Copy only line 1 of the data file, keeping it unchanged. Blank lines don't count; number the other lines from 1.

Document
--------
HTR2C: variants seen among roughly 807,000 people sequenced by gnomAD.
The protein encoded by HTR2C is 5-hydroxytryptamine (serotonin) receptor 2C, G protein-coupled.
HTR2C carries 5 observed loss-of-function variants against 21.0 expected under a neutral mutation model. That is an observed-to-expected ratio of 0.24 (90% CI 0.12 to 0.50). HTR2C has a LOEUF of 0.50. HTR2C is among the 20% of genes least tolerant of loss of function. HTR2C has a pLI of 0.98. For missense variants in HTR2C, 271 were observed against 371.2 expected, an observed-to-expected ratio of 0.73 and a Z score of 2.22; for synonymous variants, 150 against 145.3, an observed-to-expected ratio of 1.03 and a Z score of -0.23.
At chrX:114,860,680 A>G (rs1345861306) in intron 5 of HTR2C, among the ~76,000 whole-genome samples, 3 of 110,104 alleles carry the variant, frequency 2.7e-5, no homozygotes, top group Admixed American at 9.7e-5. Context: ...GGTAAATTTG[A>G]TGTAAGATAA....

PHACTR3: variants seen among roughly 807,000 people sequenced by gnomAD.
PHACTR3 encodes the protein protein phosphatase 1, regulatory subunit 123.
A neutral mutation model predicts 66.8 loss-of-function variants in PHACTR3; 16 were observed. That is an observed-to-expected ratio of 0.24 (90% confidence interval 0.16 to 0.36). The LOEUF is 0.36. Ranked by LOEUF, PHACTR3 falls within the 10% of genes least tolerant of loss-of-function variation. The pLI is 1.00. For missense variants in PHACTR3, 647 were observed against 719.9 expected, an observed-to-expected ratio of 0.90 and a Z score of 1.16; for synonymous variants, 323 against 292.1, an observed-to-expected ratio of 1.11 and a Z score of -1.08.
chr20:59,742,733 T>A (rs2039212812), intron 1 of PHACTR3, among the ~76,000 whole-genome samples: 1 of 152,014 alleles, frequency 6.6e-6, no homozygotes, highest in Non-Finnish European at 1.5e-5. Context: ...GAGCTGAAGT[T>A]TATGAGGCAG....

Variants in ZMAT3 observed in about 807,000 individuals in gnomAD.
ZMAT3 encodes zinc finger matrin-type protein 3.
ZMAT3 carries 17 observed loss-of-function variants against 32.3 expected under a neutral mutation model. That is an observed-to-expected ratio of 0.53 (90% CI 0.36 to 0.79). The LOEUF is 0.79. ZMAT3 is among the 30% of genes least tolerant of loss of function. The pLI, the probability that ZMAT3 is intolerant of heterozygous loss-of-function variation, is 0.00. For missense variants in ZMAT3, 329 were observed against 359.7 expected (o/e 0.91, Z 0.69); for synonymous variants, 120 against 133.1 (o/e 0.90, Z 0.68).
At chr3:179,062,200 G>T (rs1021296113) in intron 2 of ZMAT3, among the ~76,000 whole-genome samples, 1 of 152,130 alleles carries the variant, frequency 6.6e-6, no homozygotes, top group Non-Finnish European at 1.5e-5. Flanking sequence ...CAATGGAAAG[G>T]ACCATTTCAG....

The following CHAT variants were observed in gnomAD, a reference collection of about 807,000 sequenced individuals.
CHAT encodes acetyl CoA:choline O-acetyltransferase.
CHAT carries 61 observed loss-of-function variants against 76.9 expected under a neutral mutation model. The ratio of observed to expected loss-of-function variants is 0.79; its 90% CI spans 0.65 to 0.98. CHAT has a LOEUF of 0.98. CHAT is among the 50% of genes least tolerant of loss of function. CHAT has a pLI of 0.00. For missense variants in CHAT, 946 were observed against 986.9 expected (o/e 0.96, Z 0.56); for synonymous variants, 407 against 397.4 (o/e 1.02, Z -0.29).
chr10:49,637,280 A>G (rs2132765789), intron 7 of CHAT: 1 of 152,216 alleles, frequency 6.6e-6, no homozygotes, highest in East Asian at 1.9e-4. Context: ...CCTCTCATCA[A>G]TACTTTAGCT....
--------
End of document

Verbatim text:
HTR2C: variants seen among roughly 807,000 people sequenced by gnomAD.